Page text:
The Day

On the (caloric) road again


Last April, with my friend and Day colleague Pete Huoppi, I made a day trip to Massachuse­tts for a story we were working on about the sovereignt­y of a theretofor­e nebulous recipe for “New London-style pizza.” It involved us eating slices at restaurant­s in Acton and then Concord, both of which claimed to serve authentic New London-style pizza.

After we had done so, we headed back. Spying an Arby’s in Auburn, Mass., though, I wheeled off the highway and skidded into the parking lot.

“We just ate. Twice,” Huoppi said, helpfully.

“Yes, but who knows when I’ll be near an Arby’s again? And that makes me sad.” I went inside and bought and happily inhaled a regular roast beef sandwich with Swiss cheese and extra horsey sauce.

I share this perhaps disturbing anecdote because I love fast food and — significan­tly — because southeaste­rn Connecticu­t is an area distressin­gly bereft in fast food variety. There IS no Arby’s here.

Instead, we have choices like Burger King, Taco Bell, Five Guys, Wendy’s, McDonald’s, Subway, KFC, Popeyes and DQ, and while that might SEEM like a lot of options … no. Not in the vast and wondrous galaxy of fast food.

If fast food restaurant­s were fine art — and, indeed, some of them approach it — then McDonalds and Burger King and the ones locally available are typically the equivalent of a souvenir stand selling Bob Ross prints on a corner across the street from The Rijksmuseu­m.

(And I say that as a proud owner of 16 different Bob Ross original canvases including “Cheeseburg­er with No Pickles,” “Burrito in the Snow,” “Girl With Pearl Earring Eating Combo Meal” and “Fry Cook Descending a Staircase.”)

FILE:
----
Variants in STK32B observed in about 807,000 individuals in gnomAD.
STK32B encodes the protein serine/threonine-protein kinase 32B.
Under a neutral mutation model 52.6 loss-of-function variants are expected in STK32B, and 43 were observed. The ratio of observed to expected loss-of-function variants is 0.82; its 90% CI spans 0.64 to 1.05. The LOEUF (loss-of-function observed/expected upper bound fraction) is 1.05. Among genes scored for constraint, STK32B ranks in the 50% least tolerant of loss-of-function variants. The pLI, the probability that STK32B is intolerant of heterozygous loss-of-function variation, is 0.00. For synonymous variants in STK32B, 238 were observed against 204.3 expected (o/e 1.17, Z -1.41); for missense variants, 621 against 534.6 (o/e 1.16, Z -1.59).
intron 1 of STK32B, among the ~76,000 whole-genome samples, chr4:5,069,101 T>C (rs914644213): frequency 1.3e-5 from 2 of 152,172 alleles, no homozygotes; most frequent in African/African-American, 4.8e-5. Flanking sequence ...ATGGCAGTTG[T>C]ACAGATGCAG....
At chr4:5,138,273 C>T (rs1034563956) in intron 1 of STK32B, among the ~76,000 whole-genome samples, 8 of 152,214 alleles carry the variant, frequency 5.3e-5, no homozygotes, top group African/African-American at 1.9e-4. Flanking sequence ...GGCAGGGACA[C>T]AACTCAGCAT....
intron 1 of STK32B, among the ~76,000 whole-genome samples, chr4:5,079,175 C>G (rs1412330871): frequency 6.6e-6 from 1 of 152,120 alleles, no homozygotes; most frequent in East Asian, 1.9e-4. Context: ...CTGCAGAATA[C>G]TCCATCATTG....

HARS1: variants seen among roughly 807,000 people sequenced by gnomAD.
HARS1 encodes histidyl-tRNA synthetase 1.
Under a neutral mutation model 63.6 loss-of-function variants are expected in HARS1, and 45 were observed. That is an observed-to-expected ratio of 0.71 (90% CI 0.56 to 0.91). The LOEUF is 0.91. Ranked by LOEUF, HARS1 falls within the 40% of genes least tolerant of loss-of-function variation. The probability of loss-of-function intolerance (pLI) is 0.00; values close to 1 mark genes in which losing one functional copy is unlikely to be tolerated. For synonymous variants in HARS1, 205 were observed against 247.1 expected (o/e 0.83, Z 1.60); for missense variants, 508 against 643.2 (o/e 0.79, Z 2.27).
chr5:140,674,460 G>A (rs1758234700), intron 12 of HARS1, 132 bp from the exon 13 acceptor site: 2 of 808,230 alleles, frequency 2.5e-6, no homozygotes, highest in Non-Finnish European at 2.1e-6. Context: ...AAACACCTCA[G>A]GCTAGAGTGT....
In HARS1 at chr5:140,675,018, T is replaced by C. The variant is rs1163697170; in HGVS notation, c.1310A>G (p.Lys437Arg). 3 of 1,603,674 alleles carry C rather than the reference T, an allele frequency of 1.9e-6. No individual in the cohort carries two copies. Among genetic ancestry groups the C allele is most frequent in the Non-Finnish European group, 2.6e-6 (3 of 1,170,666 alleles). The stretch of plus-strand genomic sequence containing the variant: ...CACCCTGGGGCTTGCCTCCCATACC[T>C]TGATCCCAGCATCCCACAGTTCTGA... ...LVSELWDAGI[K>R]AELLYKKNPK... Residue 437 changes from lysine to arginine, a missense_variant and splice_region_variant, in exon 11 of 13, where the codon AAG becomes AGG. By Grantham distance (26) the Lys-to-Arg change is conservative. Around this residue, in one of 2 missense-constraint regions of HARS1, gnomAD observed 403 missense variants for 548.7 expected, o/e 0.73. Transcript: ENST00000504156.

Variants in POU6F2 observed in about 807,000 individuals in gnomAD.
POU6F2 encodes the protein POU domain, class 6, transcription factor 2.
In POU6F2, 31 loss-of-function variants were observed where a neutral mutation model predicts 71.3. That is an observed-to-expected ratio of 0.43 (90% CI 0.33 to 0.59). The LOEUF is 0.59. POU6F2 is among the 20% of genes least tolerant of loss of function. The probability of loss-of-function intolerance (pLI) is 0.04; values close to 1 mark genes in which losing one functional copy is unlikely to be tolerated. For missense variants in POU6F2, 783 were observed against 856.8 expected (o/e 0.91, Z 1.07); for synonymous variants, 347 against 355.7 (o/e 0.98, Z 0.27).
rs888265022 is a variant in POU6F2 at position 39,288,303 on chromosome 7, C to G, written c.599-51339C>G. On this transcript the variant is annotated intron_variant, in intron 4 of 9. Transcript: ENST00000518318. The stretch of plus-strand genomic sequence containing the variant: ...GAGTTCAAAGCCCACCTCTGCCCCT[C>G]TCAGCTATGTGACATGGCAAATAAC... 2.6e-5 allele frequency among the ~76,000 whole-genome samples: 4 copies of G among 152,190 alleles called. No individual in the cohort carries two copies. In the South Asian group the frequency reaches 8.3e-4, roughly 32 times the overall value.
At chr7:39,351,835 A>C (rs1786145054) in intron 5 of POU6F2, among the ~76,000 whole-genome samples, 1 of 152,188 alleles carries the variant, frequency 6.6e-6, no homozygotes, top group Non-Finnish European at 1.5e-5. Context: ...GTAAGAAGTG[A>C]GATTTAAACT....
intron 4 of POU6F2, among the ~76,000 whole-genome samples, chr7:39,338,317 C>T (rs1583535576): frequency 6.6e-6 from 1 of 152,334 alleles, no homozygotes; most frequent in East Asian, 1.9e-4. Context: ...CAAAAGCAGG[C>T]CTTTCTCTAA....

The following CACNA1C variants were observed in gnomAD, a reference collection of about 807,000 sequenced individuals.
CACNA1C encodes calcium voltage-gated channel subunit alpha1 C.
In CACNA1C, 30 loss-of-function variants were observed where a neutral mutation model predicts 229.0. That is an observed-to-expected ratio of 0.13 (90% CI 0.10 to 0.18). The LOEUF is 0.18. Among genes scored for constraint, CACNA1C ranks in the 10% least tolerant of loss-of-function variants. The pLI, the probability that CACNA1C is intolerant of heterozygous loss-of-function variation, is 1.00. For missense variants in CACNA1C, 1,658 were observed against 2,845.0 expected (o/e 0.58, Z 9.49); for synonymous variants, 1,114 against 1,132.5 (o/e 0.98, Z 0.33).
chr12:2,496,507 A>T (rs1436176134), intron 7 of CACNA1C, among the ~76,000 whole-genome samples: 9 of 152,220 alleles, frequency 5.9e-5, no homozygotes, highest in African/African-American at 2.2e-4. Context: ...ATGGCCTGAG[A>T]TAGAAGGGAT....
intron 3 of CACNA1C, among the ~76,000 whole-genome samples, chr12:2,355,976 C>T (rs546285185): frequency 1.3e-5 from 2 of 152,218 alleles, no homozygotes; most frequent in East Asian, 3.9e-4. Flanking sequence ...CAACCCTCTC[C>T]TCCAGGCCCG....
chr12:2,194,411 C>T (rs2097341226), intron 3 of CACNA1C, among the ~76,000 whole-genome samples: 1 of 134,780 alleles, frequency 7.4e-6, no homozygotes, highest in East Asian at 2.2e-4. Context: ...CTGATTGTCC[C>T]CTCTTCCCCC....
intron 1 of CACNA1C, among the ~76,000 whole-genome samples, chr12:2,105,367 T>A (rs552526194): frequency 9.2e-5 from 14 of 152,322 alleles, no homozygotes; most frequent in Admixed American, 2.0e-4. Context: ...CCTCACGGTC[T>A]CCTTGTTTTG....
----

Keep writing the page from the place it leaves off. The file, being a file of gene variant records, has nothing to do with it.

Why is it like this? It’s as though there’s some invisible, Stephen King-y barrier that prohibits adventurou­s fastfood chains from expanding their empires into our part of the world. For the record, the Auburn, Mass., Arby’s is 60 miles away from New London. The nearest Connecticu­t Arby’s restaurant­s are 56 miles away in Newington and 54 miles away in North Haven. Sucko.

Now, it’s true that a Popeyes opened in a truck stop in Branford a few years before we had a location in New London — some 40 miles — and more than once I made that commute because, well, I NEEDED to.

And while I’m not going to make these voyages with any regularity, it’s good to know an Arby’s is within an hour — and ditto for a Sonic 48 miles distant in Manchester. These are not insurmount­able challenges.

But what about the truly GREAT fast-food restaurant­s — the Caspar David Freidrichs and Frida Kahlos of drive-thru sustenance? Whataburge­r. Hardee’s. Zaxby’s. Jack in the Box. Steak ‘n Shake. Wingstop. In-N-Out Burger. White Castle. Torchy’s Tacos. Krystal. Raising Cane’s…

Could I embark on more “road trips”? Sure! But this ain’t hop/skip/jump-type excursions.

The closest Whataburge­r is 989 miles (Lebanon, Tenn.). There’s a White Castle in Centereach, Long Island (61 miles — but only as the crow flies). There’s a Torchy’s Tacos 464 miles away in Charlottsv­ille, NC. And it’s only 376 miles to Chantilly, VA. and the closest Zaxby’s.

Well, it must be done. I’m filling the tank right now. Headed 236 miles west to Factoryvil­le, Pa., and the closest Steak ‘n Shake!

Can I bring you anything?

What’s your favorite fast-food franchise that’s NOT near us? And how far would you drive to eat there? Email your answers at and we’ll print a representa­tive sampling.

 ?? ?? A QUESTION OF TASTE Rick Koster

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